Conclusion: The pandas current diet has fundamentally trapped the panda. This has proven disastrous for countless species. However, if we stop babying them and getting them all of the bamboo they want for now, they still have the ability to go back to a wider diet of more widely available food. This would allow the panda to be more energetic, travel further and to different environments, allowing the species to thrive. If it does not make these changes, it is doomed.
Statement: "But the panda is a bear! Bears aren't even evolved to eat bamboo!"
Paraphrased Response: What you're really saying is it's bad for animals to eat something different than what we consider normal, but there's nothing wrong with that.
My Response: See above response and conclusion. The issue wasn't necessarily that the panda eats something different, it's what specifically it has chosen, and how limited that choice was.
Statement: "Pandas are so lazy! They just sleep all the time. Why should we care about a sleepy lazy bear?"
Paraphrased Response: I'm just going to joke around, cause some animals are lazier than others.
My Response: Most of those other animals can afford to be lazier, at least for now. You will also note though that many of them are quite active when they do move around. Consider the various cats. They love to lie around and sleep. Once they get up and move though, they are extremely active and fast. Meanwhile, the panda isn't just a bit lazy. Its entire metabolism is vastly lower than normal due to its poor diet. Even its body shape has adjusted to use less energy.
Conclusion: The pandas are further unable to adapt to any changes because it just isn't capable of really moving to a superior location. They even avoid steep hills just to save a bit of energy. However, if they were to move off of their poor diet, they could get more energy and move around more. This would let them find better sources of food, and adapt to more changes in their local environment. Again, this would help them to not merely survive, but to truly thrive.
Statement: "It's dying out so fast because it has such a low birth rate. This is somehow the panda's fault!"
Paraphrased Response: It happens. Some species have lower birthrates than others. There's nothing wrong with that.
My Response: Partially true. Many species do indeed have lower birth rates. However, birth rate average must at least equal the death rate. If it is lower, then the species is dying out. I do not believe this is an issue for the panda by itself in the wild. However, it does mean that combined with the other various problems, the chances for the species to survive are even lower. A higher birthrate is highly advantageous for a species that is close to extinction. This gives more chances to survive. Of course, as long as the local environment isn't overrun. Too many pandas too soon would mean a huge population crash as they fight for food.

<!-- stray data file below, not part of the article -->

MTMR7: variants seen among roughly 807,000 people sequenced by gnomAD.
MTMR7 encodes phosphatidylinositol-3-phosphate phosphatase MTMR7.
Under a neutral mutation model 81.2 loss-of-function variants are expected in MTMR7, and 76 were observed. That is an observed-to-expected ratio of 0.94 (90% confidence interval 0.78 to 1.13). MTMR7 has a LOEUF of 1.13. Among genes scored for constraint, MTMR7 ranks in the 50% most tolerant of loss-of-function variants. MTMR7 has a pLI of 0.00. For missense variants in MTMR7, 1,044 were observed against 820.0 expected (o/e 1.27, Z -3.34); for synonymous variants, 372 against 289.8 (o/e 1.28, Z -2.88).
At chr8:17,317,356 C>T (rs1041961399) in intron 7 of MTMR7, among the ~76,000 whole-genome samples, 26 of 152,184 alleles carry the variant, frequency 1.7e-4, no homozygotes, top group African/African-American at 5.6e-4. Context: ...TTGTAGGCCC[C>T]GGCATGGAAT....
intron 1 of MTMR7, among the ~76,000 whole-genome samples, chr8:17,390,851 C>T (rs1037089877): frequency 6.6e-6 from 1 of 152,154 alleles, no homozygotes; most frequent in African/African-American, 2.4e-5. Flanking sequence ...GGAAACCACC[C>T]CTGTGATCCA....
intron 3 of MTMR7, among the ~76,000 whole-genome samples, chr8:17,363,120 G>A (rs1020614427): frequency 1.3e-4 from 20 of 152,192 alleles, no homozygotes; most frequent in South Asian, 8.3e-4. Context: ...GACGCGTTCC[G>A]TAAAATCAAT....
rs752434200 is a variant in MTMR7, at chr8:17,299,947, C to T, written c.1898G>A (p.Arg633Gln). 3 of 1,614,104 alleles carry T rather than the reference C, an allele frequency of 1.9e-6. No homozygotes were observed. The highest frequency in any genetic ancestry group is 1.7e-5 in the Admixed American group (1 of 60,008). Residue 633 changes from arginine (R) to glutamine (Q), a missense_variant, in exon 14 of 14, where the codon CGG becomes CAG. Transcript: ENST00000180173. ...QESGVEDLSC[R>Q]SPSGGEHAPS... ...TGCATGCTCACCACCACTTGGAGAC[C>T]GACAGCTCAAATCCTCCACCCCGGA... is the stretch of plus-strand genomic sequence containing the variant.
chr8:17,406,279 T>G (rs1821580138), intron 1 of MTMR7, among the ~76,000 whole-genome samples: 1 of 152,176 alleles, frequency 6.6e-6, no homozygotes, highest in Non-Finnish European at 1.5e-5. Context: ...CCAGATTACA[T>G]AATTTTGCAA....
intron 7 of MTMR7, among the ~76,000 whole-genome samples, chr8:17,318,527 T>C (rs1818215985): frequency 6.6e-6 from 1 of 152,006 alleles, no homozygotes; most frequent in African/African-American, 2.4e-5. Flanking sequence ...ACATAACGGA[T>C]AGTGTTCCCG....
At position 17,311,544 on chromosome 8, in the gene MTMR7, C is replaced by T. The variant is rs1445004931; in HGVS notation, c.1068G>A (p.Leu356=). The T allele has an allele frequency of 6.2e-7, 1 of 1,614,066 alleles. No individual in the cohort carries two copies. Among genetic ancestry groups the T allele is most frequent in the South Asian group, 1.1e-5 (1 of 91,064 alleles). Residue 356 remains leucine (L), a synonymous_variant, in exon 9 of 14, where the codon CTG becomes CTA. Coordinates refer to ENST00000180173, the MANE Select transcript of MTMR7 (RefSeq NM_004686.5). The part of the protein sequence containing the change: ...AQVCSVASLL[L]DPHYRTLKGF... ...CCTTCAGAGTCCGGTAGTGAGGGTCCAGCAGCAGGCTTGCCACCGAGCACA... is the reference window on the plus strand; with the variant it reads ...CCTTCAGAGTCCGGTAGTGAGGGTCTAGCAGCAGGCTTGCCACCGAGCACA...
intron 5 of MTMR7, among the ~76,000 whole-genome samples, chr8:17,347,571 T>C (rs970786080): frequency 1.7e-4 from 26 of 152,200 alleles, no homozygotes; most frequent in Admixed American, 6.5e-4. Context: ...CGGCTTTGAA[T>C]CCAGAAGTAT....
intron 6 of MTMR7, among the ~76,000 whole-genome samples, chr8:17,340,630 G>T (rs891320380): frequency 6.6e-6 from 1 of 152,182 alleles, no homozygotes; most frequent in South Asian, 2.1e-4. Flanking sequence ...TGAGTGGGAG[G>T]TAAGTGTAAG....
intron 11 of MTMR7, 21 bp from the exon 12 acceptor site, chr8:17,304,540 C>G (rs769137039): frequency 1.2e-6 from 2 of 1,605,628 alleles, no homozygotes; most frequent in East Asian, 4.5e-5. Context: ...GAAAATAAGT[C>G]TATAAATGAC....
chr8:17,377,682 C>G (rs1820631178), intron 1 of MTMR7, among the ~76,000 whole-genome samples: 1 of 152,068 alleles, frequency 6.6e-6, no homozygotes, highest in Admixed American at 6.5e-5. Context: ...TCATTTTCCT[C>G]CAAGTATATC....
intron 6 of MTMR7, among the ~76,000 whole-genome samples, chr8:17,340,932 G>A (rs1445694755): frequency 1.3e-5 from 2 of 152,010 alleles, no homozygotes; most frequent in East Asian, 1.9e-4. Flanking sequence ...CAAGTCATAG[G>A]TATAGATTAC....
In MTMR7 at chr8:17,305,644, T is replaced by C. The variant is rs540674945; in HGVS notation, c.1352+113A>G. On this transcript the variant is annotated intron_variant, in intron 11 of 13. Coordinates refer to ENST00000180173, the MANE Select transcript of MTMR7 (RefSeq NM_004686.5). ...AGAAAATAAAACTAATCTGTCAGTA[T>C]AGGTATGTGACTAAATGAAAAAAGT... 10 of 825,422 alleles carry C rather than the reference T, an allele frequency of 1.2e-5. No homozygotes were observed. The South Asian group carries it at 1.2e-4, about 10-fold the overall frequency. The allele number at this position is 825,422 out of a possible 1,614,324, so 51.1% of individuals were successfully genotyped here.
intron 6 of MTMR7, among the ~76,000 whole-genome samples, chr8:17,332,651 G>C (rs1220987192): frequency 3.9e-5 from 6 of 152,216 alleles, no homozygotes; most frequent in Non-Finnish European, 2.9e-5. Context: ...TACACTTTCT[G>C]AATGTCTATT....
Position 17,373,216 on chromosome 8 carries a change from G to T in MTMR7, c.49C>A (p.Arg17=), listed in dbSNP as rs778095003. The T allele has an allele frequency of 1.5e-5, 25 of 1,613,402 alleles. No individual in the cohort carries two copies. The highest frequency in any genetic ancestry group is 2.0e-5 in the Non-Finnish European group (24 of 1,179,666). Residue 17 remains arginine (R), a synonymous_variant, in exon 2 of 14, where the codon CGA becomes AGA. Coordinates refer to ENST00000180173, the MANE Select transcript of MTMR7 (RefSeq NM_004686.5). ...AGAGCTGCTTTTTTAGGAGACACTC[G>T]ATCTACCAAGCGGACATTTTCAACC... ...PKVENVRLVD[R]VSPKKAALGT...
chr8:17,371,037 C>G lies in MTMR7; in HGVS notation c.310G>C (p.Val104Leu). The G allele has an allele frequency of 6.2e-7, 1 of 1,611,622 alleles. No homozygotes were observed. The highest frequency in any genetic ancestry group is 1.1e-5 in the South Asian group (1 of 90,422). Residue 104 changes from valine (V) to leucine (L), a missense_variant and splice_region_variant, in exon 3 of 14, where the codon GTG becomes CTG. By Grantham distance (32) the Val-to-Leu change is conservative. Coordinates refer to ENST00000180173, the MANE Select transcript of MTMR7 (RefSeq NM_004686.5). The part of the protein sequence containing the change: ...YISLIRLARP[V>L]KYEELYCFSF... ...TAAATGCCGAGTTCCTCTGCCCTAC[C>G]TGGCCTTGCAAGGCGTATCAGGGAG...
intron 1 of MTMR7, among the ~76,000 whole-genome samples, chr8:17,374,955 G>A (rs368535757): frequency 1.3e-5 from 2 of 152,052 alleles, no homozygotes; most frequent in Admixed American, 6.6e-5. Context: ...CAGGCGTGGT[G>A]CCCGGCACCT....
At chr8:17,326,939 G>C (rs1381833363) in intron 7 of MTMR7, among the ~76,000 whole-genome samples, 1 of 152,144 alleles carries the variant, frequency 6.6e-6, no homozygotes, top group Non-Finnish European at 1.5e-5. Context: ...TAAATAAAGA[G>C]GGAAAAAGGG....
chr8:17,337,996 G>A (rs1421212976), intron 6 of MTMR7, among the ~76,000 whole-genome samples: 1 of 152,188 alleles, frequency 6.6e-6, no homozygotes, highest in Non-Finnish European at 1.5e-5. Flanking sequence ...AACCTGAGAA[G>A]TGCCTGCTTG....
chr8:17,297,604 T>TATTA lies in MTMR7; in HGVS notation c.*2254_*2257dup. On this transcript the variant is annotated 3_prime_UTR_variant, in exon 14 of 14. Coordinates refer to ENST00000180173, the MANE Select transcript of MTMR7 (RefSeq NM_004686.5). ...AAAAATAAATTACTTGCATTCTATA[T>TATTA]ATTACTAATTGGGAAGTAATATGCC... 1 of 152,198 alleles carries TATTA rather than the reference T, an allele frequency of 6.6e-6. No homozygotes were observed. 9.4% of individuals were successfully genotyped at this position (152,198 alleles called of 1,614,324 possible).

Conclusion: It's lower than ideal for the current situation, but it is not one of the reasons the panda should be left to die out on its own.
Statement: "Pandas don't even like to have sex! They're, like, bad at it, and we have to show them panda porn and stuff."
Paraphrased Response: This is a problem in captivity! Some species, including humans, just don't do well there.
My Response: Correct.
Statement: "We're spending so much money on these dumb bears! We should be spending it elsewhere!"
Paraphrased Response: If we stop spending on them, it doesn't mean that money will just magically go somewhere else we want! Also, the panda helps bring awareness and bring in money!
My Response: It's true that if we stopped funding the pandas, that money wouldn't necessarily go to a different species. However, they are costing us money. As you yourself mentioned, pandas cost a zoo more money than they take in. Apparently, they aren't a good enough attraction considering their cost. A panda costs on average 5 times more than an elephant. Imagine what a zoo could do just if it didn't have to pay for the panda. Just because you lose a sort of spokesperson animal, doesn't mean everyone will completely stop coming, ignore all conservation efforts, and stop giving out money. They would quickly take up other animals as the front line, and even the panda itself could continue to be a just cause. It would be a lot easier to argue for earlier intervention if the panda went extinct. Consider how powerful this would be: "We had the ability to save the panda if only we had tried a bit sooner, before it was too late! There are dozens of species that are going in the same direction as the Giant Panda, but they haven't fallen off the cliff yet. If we act now, we could stop yet another species going the way of the dodo."
Conclusion: Just because the money might not go exactly where and how we want, doesn't mean it is not being wasted now.
Statement: "But Chris Packham said..."